7. Marco90

    Morocops ovatus

    From the album: My collection in progress

    Morocops ovatus McKellan & Chatterton 2009 Location: Timrhanrhart Formatiom, Djebel Ouften, Morocco Age: 400 Mya (Eifelian, Middle Devonian) Measurements: 5x3 cm (trilobite), 8x7 cm (matrix) Kingdom: Animalia Phylum: Arthropoda Subphylum: Trilobitomorpha Class: Trilobita Order: Phacopida Suborder: Phacopina Family: Phacopidae
  8. A seemingly simple question seems to not have a simple answer. How many orders of trilobites are there? Not everyone agrees on the number but is there a number that is generally accepted by the experts? I have seen anywhere from 9-14 different orders. @piranha has 14 in this thread, Sam Gon III has 11 on his site and I have seen many other sites with different numbers. Which is most up to date? Thanks in advance for any feedback. I'm going to tag two resident trilobite experts ahead of time. @Kane @piranha That was more than one question but they're all in the same order. Or are they?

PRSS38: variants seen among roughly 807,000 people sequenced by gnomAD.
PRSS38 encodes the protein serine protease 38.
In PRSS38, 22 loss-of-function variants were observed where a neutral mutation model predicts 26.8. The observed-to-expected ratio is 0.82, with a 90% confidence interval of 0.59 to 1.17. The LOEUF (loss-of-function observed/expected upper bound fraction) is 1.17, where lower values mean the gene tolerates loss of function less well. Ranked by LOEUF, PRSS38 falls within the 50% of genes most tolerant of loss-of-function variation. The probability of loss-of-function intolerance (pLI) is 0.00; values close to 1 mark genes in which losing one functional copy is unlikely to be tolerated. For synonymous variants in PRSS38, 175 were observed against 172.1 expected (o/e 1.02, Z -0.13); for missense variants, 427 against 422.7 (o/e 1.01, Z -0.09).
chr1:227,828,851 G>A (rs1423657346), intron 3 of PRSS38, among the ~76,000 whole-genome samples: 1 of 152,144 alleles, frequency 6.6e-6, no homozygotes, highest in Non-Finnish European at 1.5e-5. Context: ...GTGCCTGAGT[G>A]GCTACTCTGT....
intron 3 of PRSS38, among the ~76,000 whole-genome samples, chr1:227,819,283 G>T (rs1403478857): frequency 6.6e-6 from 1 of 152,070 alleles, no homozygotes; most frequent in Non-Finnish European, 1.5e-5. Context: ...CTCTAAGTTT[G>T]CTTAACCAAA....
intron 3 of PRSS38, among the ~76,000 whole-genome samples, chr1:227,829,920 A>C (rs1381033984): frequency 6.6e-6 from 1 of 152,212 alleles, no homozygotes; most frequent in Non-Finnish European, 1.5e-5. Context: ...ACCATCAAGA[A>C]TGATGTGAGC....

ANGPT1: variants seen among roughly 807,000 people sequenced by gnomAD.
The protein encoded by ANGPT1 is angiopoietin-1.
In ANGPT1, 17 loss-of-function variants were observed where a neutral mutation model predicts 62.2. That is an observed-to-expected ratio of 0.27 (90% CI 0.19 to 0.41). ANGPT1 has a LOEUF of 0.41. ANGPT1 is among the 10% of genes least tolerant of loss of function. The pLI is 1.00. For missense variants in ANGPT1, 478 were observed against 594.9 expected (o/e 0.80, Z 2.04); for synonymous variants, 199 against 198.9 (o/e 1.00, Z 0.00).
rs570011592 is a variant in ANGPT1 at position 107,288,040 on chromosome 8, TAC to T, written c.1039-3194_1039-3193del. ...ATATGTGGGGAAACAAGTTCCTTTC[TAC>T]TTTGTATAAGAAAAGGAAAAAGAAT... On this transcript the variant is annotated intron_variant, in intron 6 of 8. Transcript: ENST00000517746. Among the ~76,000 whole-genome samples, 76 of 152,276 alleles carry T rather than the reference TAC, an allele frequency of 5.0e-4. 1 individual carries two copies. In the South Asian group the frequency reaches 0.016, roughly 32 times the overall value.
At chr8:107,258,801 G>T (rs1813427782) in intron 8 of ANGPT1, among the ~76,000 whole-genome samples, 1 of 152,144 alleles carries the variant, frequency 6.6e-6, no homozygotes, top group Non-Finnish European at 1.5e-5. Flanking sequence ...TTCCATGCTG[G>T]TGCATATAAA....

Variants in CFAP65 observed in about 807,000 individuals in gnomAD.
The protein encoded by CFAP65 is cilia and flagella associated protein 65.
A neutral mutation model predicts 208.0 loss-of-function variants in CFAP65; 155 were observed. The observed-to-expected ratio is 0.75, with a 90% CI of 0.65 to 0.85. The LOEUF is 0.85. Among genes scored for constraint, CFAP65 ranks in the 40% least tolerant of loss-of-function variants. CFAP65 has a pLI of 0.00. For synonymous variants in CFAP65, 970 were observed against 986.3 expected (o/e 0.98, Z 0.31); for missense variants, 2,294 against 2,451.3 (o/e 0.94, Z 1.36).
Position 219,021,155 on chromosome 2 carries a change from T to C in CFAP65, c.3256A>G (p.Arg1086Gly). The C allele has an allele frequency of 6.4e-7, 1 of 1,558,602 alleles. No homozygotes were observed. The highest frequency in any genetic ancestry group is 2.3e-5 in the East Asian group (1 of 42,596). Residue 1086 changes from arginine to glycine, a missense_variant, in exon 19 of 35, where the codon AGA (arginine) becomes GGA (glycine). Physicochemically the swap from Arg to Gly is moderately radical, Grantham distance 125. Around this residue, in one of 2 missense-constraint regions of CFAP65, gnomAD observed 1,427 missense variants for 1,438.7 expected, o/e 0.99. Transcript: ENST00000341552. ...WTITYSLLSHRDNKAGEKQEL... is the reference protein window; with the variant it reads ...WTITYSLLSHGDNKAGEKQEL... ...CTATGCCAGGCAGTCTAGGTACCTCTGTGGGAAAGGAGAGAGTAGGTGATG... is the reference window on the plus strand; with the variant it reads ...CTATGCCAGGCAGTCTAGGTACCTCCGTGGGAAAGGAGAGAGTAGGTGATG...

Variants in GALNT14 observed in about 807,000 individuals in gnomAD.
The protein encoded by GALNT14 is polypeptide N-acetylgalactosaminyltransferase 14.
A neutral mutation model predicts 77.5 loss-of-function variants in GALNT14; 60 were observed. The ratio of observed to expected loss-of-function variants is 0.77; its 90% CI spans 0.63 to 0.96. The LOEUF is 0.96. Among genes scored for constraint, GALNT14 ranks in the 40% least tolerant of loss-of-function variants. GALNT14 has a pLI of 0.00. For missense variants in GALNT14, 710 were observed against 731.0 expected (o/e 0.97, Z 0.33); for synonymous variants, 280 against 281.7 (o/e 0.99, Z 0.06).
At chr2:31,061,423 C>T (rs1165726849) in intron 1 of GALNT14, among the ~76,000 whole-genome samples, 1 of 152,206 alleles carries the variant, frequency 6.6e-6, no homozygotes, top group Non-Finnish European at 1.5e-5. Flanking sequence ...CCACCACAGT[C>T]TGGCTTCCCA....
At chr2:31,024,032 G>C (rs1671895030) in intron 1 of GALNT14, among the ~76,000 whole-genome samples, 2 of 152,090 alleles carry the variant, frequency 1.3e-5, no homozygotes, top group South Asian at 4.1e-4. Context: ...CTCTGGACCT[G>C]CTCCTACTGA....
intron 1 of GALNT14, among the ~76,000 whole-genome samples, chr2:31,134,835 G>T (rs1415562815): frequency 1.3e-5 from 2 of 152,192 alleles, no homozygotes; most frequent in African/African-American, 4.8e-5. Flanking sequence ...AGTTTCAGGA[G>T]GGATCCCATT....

9. Just a note that James Cullison's 1944 monograph on the rocks and fauna of the upper Lower Ordovician of Missouri and Arkansas is now freely available for download or perusal at https://archive.org/details/paper-cullison-1944-the-stratigraphy-of-some-lower-ordovician-formations-of-the This publication has always been devilishly tough to get a hold of. A nice systematic paleontology section deals with the many gastropods and other mollusks as well as the less diverse brachiopods, trilobites, and sponges. The monograph covers the following formations as currently accepted in Missouri: • Smithville Formation • Powell Formation • Cotter Formation • Jefferson City Formation Enjoy and share as you like. Full citation: J. S. Cullison, 1944: "The Stratigraphy Of Some Lower Ordovician Formations Of The Ozark Uplift." The University of Missouri School of Mines and Metallurgy Bulletin Technical Series, Vol. 15, No. 2, 112 pp + 35 pl.